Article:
We are here to tell the leaders of the world to wake up and take action. The reality is that we need 1.5 (maximum temperature increase) to survive.

Today, eleven youth from the Pacific, brought to Copenhagen by the generosity of GetUp members, and working with AYCC’s Project Survival Pacific, held an event called ‘Voices of the Pacific’. It was the most moving thing I’ve seen in the whole time of the conference: an opportunity for young Pacific Islanders to tell their stories. After opening with a traditional dance from the Cook Islands, one by one the youth came up, took the microphones, and told heart-breaking stories of the impacts of climate change on their homes. Here are some of their words.

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23 year old Rebecca from PNG spoke of saltwater intrusion, declining food security, and the climate refugees already displaced from PNG’s Cartaret islands. “60% of Cartaret Islands are already under water so how much more evidence do you need to show that climate change is happening?” she said.

Carlos from the Federated States of Micronesia spoke of sea level rise destroying taro crops which are the main source of food for the outer islands in Micronesia. He told us of the graveyards in his country that have been flooded and said, “Tell the world leaders that we have the right to live on our islands.. please help us and seal the deal”.

17 year old Yr 11 student Christina Ora from the Solomon Islands spoke of the fact that her ancestors have been on her land for centuries. She said, “Put yourself in our situation and someone asks you to relocate and start a new life. You don’t want to! Climate change is a threat to sustainable development in my country. We need this deal. It is not a want. It is a need. A need for survival. We are pleading and asking for this fair legally binding agreement in order for our people and culture to survive. Do not forget the Solomon islands. Even though it is very little, it is here. We are here.”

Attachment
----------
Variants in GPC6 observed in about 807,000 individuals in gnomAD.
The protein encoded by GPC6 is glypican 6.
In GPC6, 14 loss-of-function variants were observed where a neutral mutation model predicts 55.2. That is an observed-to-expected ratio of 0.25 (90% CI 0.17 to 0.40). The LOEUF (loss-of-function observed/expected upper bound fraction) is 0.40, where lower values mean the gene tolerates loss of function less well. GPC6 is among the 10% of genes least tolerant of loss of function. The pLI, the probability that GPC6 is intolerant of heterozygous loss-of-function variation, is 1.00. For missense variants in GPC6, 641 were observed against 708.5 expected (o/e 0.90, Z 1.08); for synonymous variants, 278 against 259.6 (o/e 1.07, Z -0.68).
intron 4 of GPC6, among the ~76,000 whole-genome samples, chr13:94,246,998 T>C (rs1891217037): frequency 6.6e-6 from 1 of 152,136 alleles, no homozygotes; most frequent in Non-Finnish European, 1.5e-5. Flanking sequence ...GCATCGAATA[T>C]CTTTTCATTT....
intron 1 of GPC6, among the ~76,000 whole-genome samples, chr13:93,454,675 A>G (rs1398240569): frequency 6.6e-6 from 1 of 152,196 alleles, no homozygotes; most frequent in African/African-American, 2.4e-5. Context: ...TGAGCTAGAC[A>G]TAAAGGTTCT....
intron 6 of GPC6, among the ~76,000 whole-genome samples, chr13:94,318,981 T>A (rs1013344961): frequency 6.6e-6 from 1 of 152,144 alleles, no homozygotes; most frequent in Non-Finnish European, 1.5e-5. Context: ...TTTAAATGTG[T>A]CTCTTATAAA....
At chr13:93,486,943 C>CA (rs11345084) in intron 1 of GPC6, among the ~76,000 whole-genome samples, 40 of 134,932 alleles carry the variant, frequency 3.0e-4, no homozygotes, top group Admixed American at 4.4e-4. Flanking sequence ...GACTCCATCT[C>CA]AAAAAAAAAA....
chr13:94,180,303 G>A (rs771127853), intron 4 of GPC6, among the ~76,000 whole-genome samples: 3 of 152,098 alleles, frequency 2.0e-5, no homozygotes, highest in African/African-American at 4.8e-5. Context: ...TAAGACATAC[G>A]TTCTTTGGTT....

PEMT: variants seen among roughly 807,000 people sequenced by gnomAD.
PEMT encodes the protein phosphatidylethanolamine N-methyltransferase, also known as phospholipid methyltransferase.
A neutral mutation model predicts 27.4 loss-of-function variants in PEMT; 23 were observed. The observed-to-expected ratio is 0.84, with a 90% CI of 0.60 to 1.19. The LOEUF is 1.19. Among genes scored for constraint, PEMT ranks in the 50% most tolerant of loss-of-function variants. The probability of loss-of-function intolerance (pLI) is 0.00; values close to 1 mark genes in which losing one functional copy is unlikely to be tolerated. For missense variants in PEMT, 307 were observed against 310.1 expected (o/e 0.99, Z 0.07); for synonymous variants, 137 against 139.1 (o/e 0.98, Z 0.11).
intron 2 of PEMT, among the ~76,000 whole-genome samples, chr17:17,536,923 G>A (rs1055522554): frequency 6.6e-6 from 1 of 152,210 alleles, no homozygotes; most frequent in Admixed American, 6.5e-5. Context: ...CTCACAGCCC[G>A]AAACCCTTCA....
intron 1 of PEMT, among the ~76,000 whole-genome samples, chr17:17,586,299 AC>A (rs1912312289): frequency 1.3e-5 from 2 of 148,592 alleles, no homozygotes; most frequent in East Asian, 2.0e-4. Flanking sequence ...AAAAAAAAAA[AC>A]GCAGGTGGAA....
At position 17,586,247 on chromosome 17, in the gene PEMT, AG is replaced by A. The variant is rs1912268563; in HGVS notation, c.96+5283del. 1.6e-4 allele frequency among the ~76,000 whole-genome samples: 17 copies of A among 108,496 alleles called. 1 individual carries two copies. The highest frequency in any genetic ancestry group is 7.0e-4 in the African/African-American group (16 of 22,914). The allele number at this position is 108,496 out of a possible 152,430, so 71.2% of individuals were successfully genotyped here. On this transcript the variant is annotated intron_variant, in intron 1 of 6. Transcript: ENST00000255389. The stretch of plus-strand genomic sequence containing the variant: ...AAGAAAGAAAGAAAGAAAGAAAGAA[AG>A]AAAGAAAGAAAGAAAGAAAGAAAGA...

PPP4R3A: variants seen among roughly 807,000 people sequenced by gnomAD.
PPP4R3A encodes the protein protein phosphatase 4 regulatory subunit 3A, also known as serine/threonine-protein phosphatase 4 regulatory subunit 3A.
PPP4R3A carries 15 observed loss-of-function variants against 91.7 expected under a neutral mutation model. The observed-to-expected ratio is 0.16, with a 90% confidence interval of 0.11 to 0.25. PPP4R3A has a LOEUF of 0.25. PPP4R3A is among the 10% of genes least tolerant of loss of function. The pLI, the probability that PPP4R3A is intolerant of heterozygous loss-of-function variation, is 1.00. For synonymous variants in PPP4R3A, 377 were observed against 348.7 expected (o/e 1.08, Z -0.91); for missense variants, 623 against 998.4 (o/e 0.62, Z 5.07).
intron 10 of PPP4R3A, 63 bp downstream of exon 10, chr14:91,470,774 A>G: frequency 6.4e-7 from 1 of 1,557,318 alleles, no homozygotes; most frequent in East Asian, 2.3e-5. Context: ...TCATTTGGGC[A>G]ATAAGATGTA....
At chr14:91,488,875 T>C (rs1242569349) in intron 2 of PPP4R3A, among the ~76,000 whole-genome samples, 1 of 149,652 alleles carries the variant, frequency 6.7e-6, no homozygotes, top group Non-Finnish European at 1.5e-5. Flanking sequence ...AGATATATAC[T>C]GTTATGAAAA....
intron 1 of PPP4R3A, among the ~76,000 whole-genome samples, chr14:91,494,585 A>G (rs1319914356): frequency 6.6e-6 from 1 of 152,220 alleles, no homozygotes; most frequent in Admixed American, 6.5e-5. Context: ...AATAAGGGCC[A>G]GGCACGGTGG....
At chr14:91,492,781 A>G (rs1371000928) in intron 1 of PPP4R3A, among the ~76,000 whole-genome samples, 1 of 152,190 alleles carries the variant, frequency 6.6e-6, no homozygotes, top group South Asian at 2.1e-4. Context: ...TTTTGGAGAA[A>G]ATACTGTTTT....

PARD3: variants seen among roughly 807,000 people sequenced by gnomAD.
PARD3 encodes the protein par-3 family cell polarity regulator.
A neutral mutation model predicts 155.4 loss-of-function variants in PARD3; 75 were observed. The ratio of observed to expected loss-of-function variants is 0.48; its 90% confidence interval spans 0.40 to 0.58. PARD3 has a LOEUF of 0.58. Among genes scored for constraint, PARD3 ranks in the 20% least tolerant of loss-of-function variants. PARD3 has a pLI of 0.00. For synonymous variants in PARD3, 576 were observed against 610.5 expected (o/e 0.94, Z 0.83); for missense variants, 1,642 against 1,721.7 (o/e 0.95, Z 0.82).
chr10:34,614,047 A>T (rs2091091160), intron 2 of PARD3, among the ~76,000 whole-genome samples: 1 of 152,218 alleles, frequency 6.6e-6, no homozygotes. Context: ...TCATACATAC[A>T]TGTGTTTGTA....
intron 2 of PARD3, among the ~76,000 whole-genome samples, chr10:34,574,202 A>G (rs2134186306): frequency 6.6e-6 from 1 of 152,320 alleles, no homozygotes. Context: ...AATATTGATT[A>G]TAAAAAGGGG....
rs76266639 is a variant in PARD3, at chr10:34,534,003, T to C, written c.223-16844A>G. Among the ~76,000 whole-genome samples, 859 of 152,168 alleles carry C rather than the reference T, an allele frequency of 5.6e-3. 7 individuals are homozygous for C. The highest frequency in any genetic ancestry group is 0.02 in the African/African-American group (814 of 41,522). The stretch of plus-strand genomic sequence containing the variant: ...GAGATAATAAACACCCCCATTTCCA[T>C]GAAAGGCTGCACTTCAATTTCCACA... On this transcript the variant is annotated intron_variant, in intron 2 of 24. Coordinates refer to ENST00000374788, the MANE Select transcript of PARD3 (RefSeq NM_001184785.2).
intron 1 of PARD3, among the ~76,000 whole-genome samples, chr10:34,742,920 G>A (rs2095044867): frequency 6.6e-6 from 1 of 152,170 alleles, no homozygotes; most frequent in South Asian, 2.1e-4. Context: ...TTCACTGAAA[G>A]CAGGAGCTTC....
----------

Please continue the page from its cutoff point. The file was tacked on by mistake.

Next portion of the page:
Emma from Fiji spoke about the impact of climate change on real lives in the Pacific – the fact that climate change is not abstract for her people. She said: “You threaten those lives if you don’t make the deal and you will be responsible for that. My family is under cyclone threat and it is meant to hit at midnight. Every year the cyclones get stronger and more frequent. Climate change is a reality for us”.

The youth representative from Kiribas said: “We don’t want to lose our land, our cultures. Our people don’t want to be climate refugees. If the water keeps rising, we have no chance to live. We are a proud people. We do not come to Copenhagen as beggars. This is not our way. But we can not face this challenge without support, both practical and moral. Our survival is at stake as a people. To turn your back when you could have done something, I think that’s immoral. We call upon world leaders to act without delay.”

If the world has not stepped in to save these islands yet, how can these young Pacific Islanders have any faith that the world will look after them if they become climate refugees? One thing is for sure: it’s impossible to hear these stories without vowing to work even harder to stand in solidarity with our Pacific brothers and sisters and try to get a fair, ambitious and legally binding deal here in Copenhagen.

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Peter Fray
Peter Fray
Editor-in-chief
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